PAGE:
While there are not a lot of things you can do around the landscape in winter, you can prune your deciduous trees. Cross branching, storm damage and general form of your trees can be more easily seen at this time of the year. Debris clean up is also easier as there are no leaves to deal with.
It is critical that you prune your valuable oak trees only in the winter months when there is no insect activity. Oak trees are susceptible to various fungal diseases. These diseases are primarily transmitted by insects (particularly “Picnic Beetles”) that are attracted to the sap in branch or pruning wounds. The resulting Oak Wilt disease can in many cases can be lethal to the tree. As added insurance against infection, we paint the prune site with outdoor rated latex paint.
Please feel free to contact us with any tree care or landscape questions.
Willow Springs Nursery is happy to announce our registration with MonarchWatch.org as a participant in the Monarch Butterfly Waystation program. Monarch Waystations are places that provide resources necessary for monarchs to produce successive generations and sustain their migration. Monarch populations have declined as much as 90%. This is primarily due to habitat loss. Monarch caterpillars feed only on milkweed plants. These plants have been nearly swept from the landscape due to herbicide use in and around croplands and other habitats.
We all can help to reestablish this beautiful and valuable creature. It is easy to do. Almost all of us have some place in the garden or yard where we can establish a Waystation. All that is required is planting the correct flowers that will attract and sustain the Monarchs. Willow Springs Nursery has the flowers and expertise to insure your Waystation will be a success. Feel free to contact Willow Springs and MonarchWatch.org for more information on this important effort.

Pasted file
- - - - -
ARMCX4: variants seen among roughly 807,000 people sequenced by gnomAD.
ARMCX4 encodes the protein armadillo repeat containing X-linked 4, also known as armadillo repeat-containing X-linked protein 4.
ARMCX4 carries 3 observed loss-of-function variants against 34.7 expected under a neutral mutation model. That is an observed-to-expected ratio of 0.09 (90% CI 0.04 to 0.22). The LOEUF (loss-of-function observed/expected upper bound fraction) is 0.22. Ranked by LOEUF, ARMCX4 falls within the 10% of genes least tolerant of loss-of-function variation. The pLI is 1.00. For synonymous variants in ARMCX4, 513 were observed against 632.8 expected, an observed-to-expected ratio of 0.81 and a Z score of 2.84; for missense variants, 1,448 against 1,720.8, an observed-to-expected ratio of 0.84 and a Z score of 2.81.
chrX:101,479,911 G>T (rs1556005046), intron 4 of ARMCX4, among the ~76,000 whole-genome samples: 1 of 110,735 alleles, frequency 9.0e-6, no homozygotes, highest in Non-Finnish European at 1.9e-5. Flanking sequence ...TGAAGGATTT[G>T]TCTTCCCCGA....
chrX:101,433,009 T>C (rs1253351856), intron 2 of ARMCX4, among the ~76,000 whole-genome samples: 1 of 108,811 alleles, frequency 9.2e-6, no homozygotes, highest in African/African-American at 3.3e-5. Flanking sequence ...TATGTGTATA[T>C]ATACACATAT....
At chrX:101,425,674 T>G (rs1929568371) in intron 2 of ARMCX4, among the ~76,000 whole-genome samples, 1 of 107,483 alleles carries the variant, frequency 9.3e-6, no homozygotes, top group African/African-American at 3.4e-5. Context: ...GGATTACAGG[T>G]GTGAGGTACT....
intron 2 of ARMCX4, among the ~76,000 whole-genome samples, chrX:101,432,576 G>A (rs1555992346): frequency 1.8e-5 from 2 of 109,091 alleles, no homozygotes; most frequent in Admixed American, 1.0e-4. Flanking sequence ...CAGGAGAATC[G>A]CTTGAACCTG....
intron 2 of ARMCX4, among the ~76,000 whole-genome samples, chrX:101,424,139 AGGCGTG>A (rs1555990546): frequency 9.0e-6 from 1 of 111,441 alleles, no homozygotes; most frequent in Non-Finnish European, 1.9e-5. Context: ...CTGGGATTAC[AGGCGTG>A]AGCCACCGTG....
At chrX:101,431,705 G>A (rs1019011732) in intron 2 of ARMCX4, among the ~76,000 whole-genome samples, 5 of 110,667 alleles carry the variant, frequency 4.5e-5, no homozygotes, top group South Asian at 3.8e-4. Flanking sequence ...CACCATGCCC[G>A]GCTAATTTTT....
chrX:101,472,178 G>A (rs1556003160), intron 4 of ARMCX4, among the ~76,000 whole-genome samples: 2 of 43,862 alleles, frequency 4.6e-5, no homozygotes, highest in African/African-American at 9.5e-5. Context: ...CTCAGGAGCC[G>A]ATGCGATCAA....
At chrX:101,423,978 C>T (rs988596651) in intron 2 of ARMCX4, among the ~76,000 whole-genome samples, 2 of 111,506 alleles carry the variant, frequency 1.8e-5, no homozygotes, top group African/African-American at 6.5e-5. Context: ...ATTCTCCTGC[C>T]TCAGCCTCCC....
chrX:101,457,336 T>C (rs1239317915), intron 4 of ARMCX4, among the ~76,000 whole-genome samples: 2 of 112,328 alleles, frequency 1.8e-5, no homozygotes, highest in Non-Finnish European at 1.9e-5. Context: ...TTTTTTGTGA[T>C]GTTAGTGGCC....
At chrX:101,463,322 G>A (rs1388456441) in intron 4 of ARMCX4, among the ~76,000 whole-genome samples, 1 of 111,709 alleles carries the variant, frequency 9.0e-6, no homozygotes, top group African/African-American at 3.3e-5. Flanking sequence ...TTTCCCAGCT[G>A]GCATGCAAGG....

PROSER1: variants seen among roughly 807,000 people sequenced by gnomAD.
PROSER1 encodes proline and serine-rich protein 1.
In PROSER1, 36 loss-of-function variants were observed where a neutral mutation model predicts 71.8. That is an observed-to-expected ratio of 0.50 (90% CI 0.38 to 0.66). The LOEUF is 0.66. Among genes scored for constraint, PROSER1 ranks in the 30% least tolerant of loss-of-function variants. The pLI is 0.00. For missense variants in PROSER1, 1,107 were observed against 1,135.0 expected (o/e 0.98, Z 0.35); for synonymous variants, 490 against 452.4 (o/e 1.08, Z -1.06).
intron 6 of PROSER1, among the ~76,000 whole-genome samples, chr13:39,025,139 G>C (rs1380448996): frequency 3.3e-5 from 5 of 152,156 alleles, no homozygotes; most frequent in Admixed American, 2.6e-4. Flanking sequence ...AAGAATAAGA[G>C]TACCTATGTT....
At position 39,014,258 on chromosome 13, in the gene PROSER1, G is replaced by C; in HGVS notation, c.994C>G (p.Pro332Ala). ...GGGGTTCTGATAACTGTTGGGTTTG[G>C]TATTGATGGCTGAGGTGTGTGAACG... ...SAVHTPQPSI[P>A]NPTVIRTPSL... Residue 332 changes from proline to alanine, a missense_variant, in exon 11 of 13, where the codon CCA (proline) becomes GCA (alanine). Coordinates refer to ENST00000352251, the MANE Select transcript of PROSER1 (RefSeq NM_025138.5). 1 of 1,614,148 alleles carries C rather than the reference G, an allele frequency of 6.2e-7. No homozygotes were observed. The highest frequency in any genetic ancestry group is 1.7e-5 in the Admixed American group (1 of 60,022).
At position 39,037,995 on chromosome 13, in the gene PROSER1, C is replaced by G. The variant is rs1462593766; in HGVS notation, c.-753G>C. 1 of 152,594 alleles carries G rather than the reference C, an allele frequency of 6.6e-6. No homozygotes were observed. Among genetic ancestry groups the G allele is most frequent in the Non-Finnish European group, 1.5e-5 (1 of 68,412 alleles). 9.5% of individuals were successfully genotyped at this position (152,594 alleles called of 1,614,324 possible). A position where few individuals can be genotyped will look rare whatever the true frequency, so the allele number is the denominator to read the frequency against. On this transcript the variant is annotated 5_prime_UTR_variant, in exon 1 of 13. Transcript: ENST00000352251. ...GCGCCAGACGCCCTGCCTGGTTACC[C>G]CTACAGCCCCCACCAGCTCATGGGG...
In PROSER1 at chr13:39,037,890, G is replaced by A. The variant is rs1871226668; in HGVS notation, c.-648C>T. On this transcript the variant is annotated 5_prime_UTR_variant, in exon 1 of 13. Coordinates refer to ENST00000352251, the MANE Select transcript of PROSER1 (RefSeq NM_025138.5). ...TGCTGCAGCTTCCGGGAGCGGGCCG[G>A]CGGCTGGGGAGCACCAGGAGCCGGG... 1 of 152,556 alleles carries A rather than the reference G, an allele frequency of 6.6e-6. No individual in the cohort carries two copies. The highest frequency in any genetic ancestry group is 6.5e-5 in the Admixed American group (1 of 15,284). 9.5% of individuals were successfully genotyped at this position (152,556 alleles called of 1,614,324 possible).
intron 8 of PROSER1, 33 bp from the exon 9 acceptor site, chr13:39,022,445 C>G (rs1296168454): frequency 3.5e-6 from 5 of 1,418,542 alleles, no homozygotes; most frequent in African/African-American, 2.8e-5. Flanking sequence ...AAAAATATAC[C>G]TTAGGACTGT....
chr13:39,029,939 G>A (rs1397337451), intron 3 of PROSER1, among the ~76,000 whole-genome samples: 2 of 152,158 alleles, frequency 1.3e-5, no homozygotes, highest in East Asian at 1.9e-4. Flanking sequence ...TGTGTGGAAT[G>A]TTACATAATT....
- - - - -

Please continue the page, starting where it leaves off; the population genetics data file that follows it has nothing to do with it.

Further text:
It has been a long winter. But, spring has now arrived and it’s a great time to review the early season care requirements of your plants.
Late April and early May is the best time to fertilize all of your evergreens. Evergreens trees do all of their above ground growing in the month of May. Granular fertilizers work well but a water soluble fertilizer allows for a faster uptake. We like an “Acid Special” type fertilizer. It’s has the added benefit of helping to change the pH of the soil. This is highly desirable for evergreen plants.
Examine your rose plants for any rodent damage or winter killed canes. Prune the dead canes from the plant and cut back the plant to a pleasing shape. The first Rose food feeding should be done this month. Roses are heavy bloomers and require additional food for continued performance. We recommend a balanced fertilizer with a systemic insecticide (just in case some aphids decide to visit your rose bed this summer).
Check your shrubs for any tip die back from this winter’s cold. Prune any dead material from the plant. Clean any old leaves from inside the plant as they may harbor dormant fungal spores. Spring feeding should be done in early May with a water soluble fertilizer. Hydrangeas, Rhododendrons, Azaleas, Oaks and blueberries need an acidic soil environment for optimal health. Aluminum Sulphate granules, applied in early May is an economical way to insure these plants thrive throughout the season.
Your perennials will start to wake up as soon as the soil warms. Examine the plants for renewed growth and clean up any residual husks or dead material from the plant. For ornamental grasses, as soon as you see new growth, cut last year’s stalks away. Start your perennial plant feeding with timed – release fertilizer or a water soluble drench.